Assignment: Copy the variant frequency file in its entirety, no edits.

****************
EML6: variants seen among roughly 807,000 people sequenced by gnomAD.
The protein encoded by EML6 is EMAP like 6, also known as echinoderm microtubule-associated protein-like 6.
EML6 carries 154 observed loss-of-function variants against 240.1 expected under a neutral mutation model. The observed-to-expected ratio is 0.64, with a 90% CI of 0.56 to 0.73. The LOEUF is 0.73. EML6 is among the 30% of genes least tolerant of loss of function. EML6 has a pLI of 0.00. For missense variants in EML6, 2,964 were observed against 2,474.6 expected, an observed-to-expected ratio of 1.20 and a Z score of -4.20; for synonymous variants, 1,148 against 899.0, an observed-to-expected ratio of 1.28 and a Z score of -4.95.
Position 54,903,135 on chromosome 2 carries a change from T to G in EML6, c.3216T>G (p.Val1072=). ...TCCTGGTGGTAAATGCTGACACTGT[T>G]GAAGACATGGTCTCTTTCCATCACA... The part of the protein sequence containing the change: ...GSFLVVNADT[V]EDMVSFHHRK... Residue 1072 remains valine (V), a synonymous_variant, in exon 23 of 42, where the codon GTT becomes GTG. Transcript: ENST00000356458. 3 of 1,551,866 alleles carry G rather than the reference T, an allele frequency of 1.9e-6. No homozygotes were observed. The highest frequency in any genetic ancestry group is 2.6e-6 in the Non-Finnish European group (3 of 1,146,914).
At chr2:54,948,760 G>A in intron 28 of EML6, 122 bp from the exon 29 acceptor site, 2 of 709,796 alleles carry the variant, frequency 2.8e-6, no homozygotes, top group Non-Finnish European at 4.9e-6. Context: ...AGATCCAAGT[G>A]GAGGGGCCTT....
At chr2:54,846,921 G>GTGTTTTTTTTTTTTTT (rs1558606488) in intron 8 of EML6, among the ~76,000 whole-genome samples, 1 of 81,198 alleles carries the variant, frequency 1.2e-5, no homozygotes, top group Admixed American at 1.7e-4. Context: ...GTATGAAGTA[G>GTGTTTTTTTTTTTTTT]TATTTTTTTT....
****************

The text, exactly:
EML6: variants seen among roughly 807,000 people sequenced by gnomAD.
The protein encoded by EML6 is EMAP like 6, also known as echinoderm microtubule-associated protein-like 6.
EML6 carries 154 observed loss-of-function variants against 240.1 expected under a neutral mutation model. The observed-to-expected ratio is 0.64, with a 90% CI of 0.56 to 0.73. The LOEUF is 0.73. EML6 is among the 30% of genes least tolerant of loss of function. EML6 has a pLI of 0.00. For missense variants in EML6, 2,964 were observed against 2,474.6 expected, an observed-to-expected ratio of 1.20 and a Z score of -4.20; for synonymous variants, 1,148 against 899.0, an observed-to-expected ratio of 1.28 and a Z score of -4.95.
Position 54,903,135 on chromosome 2 carries a change from T to G in EML6, c.3216T>G (p.Val1072=). ...TCCTGGTGGTAAATGCTGACACTGT[T>G]GAAGACATGGTCTCTTTCCATCACA... The part of the protein sequence containing the change: ...GSFLVVNADT[V]EDMVSFHHRK... Residue 1072 remains valine (V), a synonymous_variant, in exon 23 of 42, where the codon GTT becomes GTG. Transcript: ENST00000356458. 3 of 1,551,866 alleles carry G rather than the reference T, an allele frequency of 1.9e-6. No homozygotes were observed. The highest frequency in any genetic ancestry group is 2.6e-6 in the Non-Finnish European group (3 of 1,146,914).
At chr2:54,948,760 G>A in intron 28 of EML6, 122 bp from the exon 29 acceptor site, 2 of 709,796 alleles carry the variant, frequency 2.8e-6, no homozygotes, top group Non-Finnish European at 4.9e-6. Context: ...AGATCCAAGT[G>A]GAGGGGCCTT....
At chr2:54,846,921 G>GTGTTTTTTTTTTTTTT (rs1558606488) in intron 8 of EML6, among the ~76,000 whole-genome samples, 1 of 81,198 alleles carries the variant, frequency 1.2e-5, no homozygotes, top group Admixed American at 1.7e-4. Context: ...GTATGAAGTA[G>GTGTTTTTTTTTTTTTT]TATTTTTTTT....